Once you are able to focus, put a general plan of action into place so you know where you are going and not simply running in circles. Even though it may seem like there is “no time”, stop and think. Determine what immediate actions you have to take to keep your head above water.

Step 4: Get Help
I started thinking about who would have immediate access to a computer. My Dad was the first person I thought of. If he hadn’t been there, I would have gone to my Brother. Then to anyone else I could think of who I knew had a good chance of being in front of a computer.

Get the right people working with you. Figure out an expert who might be able to help or offer advice. Find a colleague who may have already been there, done that. Pull people off other projects if you need extra hands. See if there is something you can buy that will help.

If your house was burning down, would you want a fire fighter or a plumber? Do what it takes to get the resources you need.

Step 5: Recap
I called in to the teleclass in just the nick of time. It was a huge success and no one was the wiser. Wwwwhhhheeeewwwww.

Now I have a paper file of teleclass scripts, just in case. I also have a running log of teleclass call-in numbers, just in case. I have a system in place to ensure this never happens again. When the dust clears, revisit what just happened. Where did the breakdown occur? How could it be prevented in the future? If it might happen again, what should the plan be?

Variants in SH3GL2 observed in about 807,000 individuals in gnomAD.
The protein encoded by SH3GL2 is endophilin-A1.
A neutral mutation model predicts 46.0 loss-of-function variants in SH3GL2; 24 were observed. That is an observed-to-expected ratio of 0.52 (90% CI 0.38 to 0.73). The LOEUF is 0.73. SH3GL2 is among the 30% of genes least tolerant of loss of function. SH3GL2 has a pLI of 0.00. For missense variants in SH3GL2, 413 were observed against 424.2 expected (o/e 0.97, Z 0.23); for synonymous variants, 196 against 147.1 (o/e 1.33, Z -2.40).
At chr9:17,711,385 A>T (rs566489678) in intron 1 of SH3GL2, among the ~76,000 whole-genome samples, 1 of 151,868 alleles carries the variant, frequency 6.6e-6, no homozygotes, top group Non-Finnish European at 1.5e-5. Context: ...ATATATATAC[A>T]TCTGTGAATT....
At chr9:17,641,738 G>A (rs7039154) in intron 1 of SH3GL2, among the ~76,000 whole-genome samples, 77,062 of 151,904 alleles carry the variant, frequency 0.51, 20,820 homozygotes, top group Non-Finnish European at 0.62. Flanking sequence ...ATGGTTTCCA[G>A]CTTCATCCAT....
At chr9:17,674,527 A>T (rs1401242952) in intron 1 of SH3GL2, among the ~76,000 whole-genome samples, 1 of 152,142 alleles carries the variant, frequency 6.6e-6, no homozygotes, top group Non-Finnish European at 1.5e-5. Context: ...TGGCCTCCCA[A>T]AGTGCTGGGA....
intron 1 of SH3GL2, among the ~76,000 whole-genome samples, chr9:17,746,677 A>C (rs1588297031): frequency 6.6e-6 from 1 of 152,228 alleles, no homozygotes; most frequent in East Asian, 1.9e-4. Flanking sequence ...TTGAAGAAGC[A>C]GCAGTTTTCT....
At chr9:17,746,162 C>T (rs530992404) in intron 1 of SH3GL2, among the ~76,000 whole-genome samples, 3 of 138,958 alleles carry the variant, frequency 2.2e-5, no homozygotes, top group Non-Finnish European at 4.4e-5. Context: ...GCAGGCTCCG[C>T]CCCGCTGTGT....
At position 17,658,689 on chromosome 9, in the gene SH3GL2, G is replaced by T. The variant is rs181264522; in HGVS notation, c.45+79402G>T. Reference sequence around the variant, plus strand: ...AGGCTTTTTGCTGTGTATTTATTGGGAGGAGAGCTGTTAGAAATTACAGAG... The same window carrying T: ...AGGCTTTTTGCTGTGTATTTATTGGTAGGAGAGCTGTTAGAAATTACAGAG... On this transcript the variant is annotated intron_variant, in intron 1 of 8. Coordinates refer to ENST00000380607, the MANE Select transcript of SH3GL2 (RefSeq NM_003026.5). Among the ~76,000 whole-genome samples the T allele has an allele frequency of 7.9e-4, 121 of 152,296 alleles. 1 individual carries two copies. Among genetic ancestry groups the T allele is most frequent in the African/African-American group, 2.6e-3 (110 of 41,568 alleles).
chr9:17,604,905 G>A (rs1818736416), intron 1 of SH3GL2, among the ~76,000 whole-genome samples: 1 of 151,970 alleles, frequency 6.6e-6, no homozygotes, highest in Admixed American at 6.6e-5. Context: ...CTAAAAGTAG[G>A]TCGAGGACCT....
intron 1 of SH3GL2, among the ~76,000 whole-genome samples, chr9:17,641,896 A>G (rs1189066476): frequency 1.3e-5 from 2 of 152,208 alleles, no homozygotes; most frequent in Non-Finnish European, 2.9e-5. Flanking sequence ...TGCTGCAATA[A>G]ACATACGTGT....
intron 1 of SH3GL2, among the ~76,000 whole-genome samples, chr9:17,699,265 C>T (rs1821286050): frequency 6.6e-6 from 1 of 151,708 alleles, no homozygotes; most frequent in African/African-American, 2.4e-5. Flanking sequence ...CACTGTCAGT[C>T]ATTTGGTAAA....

Fires happen all the time. It’s how you prepare and deal with those fires that make or break the amount of damage that is done. You can be your own best Fire Fighter.

====================================================

Beth Schneider, President of Process Prodigy Inc., www.processprodigy.com, along with her team of highly sought after operations consultants, reveal the insider secrets billion-dollar corporations pay thousands of dollars for. Specializing in process creation, Process Prodigy tools and techniques have helped entrepreneurs increase productivity by as much as 600%, and revenues by as much as 250%. Visit www.processprodigy.com/ezine and grab your FREE systems starter kit valued at $297.00.


Master Your Energy: Where are you starting from?

February 24, 2010

You’ve surely had an instance where you left a meeting feeling resentful. Or you’ve had a conversation that caught you totally off guard, or you gave a gift that was not appreciated and you ended upfeeling unappreciated. Or you gave a pitch to a client only to leave feeling totall misunderstood.

You will always think the issue is about the other person, but the reality is, it is always about you and your energy. It is about where you are starting from. 

You  had a hidden motive, you had an agenda or an expectation you were unaware of.